You don't have to go to church every Sunday or be particularly religious to believe in the biblical saying that "to those whom much is given, much is expected." No matter how much or how little you can afford to give, making a donation to a worthy cause always makes you feel good. Many people donate cash and many others choose to make a donation of property.
While giving is its own reward, the IRS also rewards those who make charitable contributions to qualified organizations. As long as you meet certain guidelines and follow some basic rules, you probably will be able to take a deduction on your tax return for the fair market value of your donation.
Claiming a Deduction for Donated Equipment or Machinery
Individuals, partnerships, and corporations are all eligible to claim a tax deduction on their tax return for donated equipment or machinery. When you donate equipment, machinery, or any other tangible asset, and the listed fair market value is in excess of $500, you are required to fill out IRS Form 8283 (Non Cash Charitable Deductions). On donations above $500, but no more than $5,000, you need to fill out Section A of Form 8283 and you usually don't need to provide an equipment appraisal. On donations above $5,000, you must fill out Section B of Form 8283 and you usually do need to provide an appraisal.
Why Does the IRS Require Equipment Appraisals?
The agency that is responsible for collecting taxes does not necessarily think that everyone will overstate the value of their donation so they can claim a bigger deduction, but they are not stupid. People do cheat. Have you ever donated a bag of slightly worn clothes to Goodwill worth maybe $50 and claimed a deduction for $450 (remember no appraisal is needed if the donation is under $500)?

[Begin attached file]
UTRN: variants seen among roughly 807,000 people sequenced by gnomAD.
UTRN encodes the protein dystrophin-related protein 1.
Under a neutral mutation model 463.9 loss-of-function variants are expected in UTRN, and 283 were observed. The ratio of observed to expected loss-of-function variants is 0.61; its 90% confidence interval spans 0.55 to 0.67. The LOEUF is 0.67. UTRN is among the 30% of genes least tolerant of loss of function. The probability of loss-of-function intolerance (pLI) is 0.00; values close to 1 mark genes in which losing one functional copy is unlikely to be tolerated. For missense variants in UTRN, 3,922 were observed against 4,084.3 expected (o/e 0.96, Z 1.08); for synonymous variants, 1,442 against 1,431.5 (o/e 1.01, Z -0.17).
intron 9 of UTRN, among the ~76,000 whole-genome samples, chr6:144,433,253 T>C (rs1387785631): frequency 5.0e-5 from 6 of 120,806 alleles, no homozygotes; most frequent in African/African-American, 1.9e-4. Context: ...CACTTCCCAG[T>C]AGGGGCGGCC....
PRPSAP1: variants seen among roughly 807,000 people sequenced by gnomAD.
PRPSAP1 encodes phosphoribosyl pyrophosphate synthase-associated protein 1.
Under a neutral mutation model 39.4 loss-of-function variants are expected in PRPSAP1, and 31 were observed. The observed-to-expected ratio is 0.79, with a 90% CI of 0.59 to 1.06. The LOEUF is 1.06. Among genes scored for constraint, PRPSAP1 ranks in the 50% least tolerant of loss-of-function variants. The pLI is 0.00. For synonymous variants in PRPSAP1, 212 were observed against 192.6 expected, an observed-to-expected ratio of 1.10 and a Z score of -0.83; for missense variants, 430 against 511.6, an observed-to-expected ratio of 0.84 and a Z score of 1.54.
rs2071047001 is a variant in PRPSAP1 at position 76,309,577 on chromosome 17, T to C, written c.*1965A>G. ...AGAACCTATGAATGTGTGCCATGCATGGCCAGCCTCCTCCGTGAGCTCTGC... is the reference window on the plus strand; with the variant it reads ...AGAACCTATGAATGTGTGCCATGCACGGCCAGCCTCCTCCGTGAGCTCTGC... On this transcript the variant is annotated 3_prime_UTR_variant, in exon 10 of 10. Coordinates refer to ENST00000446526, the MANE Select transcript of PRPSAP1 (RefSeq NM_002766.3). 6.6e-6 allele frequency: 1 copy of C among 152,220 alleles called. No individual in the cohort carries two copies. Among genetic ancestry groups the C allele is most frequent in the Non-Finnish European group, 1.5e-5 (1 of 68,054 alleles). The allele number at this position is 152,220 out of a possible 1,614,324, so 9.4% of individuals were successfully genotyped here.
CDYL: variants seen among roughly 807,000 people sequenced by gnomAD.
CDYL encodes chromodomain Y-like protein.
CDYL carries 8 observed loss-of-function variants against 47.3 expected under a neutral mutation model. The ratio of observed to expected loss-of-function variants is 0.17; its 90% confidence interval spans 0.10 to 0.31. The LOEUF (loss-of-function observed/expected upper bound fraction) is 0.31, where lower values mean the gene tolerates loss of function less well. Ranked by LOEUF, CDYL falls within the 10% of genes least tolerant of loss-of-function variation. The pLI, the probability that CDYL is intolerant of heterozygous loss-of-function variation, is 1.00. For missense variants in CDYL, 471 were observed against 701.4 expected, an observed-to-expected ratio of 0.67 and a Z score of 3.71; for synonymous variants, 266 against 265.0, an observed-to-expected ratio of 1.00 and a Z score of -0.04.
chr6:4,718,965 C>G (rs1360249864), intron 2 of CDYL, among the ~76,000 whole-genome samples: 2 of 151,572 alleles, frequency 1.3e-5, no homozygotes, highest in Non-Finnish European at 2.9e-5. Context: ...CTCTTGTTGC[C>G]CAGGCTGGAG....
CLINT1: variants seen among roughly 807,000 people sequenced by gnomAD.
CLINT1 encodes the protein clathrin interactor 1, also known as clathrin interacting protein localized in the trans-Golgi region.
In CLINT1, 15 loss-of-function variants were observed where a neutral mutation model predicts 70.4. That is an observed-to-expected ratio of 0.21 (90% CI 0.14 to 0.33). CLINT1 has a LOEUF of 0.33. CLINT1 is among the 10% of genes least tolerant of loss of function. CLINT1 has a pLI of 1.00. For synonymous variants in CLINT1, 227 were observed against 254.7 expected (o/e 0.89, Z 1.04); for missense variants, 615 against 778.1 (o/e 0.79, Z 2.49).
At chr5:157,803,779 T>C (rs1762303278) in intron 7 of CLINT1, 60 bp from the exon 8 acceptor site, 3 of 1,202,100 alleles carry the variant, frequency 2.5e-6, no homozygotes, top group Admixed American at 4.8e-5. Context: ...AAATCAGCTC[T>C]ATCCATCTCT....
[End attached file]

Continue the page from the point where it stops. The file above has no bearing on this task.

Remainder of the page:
The IRS generally does not question donations under $500, but you should keep records/receipts of all charitable gifts just in case they do. An equipment and machinery appraisal is required on more highly-valued items because the potential "cheating" can seriously reduce the amount of revenue the agency receives.
In most cases where you need an appraisal, you don't need to attach it to Form 8283 and submit it with your return. An exception would be if your claimed donation is over $500,000. Keep the donation appraisal in your records just in case the IRS questions the amount of the claimed deduction.
Who is a Qualified Appraiser?
Equipment value established by an accredited equipment appraiser is more likely to be accepted as accurate by the IRS. In general, a qualified or accredited equipment appraiser has the experience, education, and ability to perform an equipment or machinery valuation by following generally accepted appraisal standards. Accredited equipment appraisers are so designated by the American Society of Appraisers and are compliant with the Uniform Standards of Professional Appraisal Practice.
You would not want to rely on a real estate appraiser if you needed to have your art collection appraised. You would hire an accredited art appraiser. Similarly, if you are interested in a machinery and equipment appraisal to establish fair market value for your donation, you would hire an appraiser specifically trained to appraise the type of property being donated.
How do you find a Competent Equipment Appraiser?
Don't try to save a few dollars by hiring the cheapest appraiser you can find. You should always look for an accredited equipment appraiser who has the credentials to do an accurate assessment of equipment values. Using an appraisal company that only hires accredited appraisers is probably the best way to assure that you will get a competent equipment appraiser and an accurate appraisal for the equipment you want to donate.